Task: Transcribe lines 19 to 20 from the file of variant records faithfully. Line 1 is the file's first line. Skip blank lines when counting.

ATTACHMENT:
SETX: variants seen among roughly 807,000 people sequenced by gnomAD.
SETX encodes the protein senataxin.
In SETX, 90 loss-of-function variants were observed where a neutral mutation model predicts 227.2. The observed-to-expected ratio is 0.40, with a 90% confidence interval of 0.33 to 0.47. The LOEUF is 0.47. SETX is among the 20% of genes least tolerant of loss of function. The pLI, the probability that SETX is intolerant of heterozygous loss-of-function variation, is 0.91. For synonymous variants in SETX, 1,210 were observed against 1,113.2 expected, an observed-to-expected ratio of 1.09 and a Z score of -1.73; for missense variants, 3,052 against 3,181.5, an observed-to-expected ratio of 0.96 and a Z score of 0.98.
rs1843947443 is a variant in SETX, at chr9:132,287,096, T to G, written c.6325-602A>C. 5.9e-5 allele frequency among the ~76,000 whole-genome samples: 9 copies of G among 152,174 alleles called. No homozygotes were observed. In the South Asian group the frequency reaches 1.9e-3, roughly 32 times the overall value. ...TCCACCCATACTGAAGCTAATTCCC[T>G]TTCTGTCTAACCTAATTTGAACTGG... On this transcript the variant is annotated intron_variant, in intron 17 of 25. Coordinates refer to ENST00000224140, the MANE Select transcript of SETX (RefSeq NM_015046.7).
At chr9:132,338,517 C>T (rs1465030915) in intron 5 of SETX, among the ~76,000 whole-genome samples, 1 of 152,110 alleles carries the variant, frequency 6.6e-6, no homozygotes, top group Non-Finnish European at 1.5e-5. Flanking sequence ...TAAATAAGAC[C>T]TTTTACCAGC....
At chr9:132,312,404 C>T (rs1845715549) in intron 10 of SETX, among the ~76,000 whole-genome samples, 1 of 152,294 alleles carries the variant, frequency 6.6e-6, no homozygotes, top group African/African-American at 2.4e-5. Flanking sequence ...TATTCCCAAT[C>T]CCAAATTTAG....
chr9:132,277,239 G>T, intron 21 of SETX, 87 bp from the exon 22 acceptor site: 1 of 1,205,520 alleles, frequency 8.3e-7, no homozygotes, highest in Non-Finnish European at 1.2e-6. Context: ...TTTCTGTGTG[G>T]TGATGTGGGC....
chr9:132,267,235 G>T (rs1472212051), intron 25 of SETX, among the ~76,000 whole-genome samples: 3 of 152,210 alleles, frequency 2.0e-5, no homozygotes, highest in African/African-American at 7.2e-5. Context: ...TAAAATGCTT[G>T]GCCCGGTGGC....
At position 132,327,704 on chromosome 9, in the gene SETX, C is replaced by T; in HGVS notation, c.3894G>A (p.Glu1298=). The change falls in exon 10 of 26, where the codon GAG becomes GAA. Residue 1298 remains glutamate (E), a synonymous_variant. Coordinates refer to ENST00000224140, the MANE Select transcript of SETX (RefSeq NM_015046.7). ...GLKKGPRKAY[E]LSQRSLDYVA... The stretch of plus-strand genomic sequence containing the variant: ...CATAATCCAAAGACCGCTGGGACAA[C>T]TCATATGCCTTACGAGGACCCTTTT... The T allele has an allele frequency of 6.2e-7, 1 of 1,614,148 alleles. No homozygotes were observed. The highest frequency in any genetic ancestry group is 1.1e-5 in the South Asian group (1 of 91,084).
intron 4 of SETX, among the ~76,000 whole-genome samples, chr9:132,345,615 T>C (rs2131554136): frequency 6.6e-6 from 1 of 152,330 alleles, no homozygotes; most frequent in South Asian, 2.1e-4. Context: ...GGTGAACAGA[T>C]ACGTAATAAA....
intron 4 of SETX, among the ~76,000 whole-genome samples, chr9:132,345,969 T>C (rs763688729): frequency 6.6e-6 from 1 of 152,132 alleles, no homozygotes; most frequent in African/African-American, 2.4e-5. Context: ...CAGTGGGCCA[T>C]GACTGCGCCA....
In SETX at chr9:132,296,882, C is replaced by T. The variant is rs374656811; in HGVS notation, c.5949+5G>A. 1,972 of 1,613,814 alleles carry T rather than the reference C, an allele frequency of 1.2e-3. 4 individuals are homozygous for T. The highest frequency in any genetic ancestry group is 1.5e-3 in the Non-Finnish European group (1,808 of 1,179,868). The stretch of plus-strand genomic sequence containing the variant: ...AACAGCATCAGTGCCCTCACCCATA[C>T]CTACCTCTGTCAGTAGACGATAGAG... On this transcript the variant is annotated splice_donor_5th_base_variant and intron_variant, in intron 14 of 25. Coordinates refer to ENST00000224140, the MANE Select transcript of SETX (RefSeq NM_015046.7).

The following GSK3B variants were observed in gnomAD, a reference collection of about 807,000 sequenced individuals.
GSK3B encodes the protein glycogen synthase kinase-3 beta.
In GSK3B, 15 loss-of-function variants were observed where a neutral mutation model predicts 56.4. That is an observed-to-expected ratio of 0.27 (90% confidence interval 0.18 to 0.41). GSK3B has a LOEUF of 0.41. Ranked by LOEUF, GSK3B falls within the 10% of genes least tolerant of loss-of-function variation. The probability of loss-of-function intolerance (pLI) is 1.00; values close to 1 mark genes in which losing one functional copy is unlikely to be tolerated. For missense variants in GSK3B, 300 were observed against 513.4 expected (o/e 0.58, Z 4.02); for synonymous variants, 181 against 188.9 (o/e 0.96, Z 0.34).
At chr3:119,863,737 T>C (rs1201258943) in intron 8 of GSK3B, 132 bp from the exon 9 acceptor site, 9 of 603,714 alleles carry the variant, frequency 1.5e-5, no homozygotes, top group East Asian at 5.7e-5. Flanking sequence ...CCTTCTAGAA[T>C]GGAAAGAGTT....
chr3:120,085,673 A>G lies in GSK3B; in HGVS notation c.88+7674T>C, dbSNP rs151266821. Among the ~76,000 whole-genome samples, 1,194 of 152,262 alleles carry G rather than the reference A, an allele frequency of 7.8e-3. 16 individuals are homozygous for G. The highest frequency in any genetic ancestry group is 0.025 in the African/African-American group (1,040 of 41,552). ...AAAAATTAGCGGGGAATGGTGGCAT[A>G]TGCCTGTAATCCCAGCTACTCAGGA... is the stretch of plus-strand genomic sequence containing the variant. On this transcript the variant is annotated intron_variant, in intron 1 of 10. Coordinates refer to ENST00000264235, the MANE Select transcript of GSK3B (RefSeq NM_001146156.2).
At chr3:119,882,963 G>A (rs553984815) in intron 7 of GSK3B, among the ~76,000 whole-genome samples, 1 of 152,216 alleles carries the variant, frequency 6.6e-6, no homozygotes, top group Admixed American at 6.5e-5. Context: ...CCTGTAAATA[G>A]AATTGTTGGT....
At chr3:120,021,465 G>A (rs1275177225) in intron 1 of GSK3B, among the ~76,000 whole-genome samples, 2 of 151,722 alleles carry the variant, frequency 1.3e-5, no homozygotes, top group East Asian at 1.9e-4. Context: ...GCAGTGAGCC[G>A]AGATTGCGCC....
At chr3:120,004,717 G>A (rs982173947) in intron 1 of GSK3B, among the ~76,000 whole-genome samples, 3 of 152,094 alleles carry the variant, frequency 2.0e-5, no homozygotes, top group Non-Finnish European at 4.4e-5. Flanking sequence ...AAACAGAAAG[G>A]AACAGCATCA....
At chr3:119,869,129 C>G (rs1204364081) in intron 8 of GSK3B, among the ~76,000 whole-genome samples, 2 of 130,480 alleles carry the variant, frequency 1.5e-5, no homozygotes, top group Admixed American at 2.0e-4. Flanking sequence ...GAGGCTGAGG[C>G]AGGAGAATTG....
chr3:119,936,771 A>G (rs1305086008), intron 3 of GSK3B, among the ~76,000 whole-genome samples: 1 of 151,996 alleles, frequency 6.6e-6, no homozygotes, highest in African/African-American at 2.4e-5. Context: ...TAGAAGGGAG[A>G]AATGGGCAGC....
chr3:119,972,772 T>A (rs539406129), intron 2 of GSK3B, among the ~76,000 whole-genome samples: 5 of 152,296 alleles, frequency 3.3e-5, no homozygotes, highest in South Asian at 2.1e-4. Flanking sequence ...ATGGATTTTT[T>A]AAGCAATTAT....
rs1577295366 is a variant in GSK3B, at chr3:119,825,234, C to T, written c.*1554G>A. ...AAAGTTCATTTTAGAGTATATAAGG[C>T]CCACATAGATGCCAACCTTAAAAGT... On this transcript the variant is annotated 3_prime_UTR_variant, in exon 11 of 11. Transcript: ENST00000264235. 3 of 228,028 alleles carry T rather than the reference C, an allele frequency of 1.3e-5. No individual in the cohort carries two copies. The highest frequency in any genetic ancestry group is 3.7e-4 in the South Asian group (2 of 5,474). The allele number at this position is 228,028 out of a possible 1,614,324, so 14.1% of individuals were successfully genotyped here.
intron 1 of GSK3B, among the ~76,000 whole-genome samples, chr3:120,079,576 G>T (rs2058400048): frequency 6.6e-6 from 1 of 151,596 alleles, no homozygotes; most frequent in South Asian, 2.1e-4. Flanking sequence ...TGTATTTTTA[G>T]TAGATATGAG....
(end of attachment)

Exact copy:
At chr3:120,021,465 G>A (rs1275177225) in intron 1 of GSK3B, among the ~76,000 whole-genome samples, 2 of 151,722 alleles carry the variant, frequency 1.3e-5, no homozygotes, top group East Asian at 1.9e-4. Context: ...GCAGTGAGCC[G>A]AGATTGCGCC....
At chr3:120,004,717 G>A (rs982173947) in intron 1 of GSK3B, among the ~76,000 whole-genome samples, 3 of 152,094 alleles carry the variant, frequency 2.0e-5, no homozygotes, top group Non-Finnish European at 4.4e-5. Flanking sequence ...AAACAGAAAG[G>A]AACAGCATCA....